Demystifying Enterprise 2.0: It's About Sharing, Not Technology

To get the most from your Web 2.0 technologies, combine them with Enterprise 2.0.

By Billy Cripe and Vince Casarez

Enterprise 2.0 is an elusive buzzword-rich concept getting a lot of attention but without a common understanding or definition. Businesses want to be attentive to the desires and needs of their constituents, be they employees, customers, or partners, but they also want to protect their investments from technology fads and unsafe practices.

Enterprise 2.0 combines Web 2.0 technologies within a business context to derive greater business value than the individual Web 2.0 technologies may provide. The approach to get this done is a matter of wide debate and the path is littered with false starts and horror stories. In this article we will explain why Enterprise 2.0 is good for business, what Enterprise 2.0 deployments should include, and how it should be implemented within the organization.

In an American Scientist Online article about honey bees (see Note 1), we learned that honey bee scouts search for possible locations of a new hive, then communicate that information to the swarm members. Other bees consume this information, exam and evaluate a potential location, return to the swarm, and communicate their "thoughts" on how good the site is. Finally, when enough scouts promote the same site, a quorum is reached and the new hive location is selected.

This behavior in the humble honey bee community holds important lessons for businesses seeking to understand Enterprise 2.0. Taking a human-centric view of this bee behavior can lead to optimal business decisions expressed as valuing the following three principles:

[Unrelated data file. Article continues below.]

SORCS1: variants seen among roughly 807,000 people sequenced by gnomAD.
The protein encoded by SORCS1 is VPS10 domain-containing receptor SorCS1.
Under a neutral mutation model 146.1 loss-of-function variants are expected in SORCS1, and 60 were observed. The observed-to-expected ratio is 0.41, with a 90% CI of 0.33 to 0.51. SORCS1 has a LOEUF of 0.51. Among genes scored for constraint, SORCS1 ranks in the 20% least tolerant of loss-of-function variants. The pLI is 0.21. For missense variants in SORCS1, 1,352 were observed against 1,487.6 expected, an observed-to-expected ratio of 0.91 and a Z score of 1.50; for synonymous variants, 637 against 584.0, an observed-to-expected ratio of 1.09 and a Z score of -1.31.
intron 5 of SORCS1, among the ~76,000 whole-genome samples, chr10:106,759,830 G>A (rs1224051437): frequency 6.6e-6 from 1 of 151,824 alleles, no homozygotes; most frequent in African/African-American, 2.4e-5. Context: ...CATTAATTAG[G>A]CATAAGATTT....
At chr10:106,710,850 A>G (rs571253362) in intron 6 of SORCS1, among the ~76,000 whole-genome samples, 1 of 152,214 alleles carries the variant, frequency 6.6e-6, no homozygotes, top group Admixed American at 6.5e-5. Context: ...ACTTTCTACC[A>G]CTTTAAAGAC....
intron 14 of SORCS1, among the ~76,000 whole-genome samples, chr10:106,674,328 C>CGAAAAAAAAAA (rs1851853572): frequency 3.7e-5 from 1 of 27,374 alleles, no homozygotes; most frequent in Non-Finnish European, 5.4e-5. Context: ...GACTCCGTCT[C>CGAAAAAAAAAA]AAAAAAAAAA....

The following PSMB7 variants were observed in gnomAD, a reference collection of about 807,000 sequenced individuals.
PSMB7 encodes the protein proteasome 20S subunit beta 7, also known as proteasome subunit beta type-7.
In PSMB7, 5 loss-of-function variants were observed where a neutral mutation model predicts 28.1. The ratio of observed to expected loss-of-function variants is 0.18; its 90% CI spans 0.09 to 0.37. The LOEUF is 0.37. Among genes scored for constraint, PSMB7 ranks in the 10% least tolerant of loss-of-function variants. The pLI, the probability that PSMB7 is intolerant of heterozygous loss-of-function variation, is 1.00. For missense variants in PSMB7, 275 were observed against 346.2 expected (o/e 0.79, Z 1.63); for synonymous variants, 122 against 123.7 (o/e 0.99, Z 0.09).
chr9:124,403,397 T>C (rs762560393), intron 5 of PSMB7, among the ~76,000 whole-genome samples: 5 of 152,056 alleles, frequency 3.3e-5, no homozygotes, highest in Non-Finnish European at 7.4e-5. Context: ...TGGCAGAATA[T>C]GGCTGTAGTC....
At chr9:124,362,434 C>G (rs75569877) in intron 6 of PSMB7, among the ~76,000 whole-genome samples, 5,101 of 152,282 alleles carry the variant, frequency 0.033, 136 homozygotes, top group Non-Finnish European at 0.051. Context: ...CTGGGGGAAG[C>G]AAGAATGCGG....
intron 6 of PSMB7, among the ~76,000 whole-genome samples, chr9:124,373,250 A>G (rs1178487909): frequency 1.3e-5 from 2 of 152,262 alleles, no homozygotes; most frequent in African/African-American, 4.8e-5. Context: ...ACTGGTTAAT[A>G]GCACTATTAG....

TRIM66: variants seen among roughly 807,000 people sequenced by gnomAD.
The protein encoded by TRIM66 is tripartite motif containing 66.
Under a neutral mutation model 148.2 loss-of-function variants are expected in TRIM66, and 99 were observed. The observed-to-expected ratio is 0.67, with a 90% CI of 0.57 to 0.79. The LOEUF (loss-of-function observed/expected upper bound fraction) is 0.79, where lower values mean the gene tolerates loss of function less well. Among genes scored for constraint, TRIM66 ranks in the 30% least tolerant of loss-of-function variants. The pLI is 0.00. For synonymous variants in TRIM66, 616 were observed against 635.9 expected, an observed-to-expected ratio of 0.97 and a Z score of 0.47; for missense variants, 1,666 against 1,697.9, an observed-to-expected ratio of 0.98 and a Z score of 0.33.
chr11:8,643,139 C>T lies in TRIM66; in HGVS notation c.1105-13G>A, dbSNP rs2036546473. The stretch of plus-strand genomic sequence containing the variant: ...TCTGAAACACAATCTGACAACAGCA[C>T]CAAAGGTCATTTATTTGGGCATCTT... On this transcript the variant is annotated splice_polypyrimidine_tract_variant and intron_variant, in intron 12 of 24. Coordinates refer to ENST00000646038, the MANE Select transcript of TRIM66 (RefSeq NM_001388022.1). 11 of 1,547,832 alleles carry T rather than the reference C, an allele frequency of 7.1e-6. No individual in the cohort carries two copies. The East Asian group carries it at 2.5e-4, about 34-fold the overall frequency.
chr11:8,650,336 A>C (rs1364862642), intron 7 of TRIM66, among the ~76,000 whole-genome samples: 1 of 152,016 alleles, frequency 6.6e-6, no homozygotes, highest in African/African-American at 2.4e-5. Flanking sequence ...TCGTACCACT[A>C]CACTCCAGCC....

• Diversity of independent information sources is critical to making the best decisions
  • Aggregation followed by independent evaluation of the information leads to a core set of choices
  • Collection and distribution of independent decisions enables a quorum to be reached as rapidly as possible

The exponential growth of information within the enterprise has been soundly documented. Contributing to this growth is the ease with which information is created and consumed. Web 2.0 technologies have increased user expectations regarding what is available while lowering the barrier to participation for those same users.

The adoption of these technologies is extraordinary. The popularity of Web sites such as Facebook (with almost 34 million monthly users) and MySpace (which averages 72 million active monthly visitors; see Note 2) are indicative of a diversity of users, and their adoption begs the question of why users are flocking to these systems. The answer is, like the honey bee scouts, they are communicating information to those with whom they have a common interest.

Business information is no longer communicated from just one information worker to another. Rather it is made available and then consumed, modified and repeated to all who show an interest in this information. No longer is the focus on pushing information to specific people. Instead, it is on collaborating with people. The Web 2.0 technologies enable a conversational approach to communication. The wealth and diversity of information that is being created independently is being shared and consumed conversationally.

Aggregation and Evaluation

When individuals participate in a conversation, they collect and evaluate the information from the other participants in their own minds and then respond. Web 2.0 technology takes the conversation and places it squarely on the Internet. The myriad of Web 2.0 sites (e.g. Flickr, Facebook, Wikipedia, Blogger) have transformed the once single-channeled communication medium into a buzz of overlapping conversations and communities. For businesses, this buzz is both alluring and immense, but the public Web has few (often no) rules of engagement or control over what is said or how it is presented. Business has no way of completely controlling the messages about their products and services that evolve from these communities.

This is where Enterprise 2.0 differentiates itself from Web 2.0 technology. Enterprise 2.0 starts where Web 2.0 cannot -- it originates within the business. On the public Web, the overriding presumption is that users begin their conversation with others anonymously. Any person may navigate to LinkedIn.com and browse public user profiles. This paradigm is flipped on its head within the enterprise setting. Users start off as known entities with a specific identity or role. After all, they are employees of an organization working towards a common goal, just like the honey bee scouts.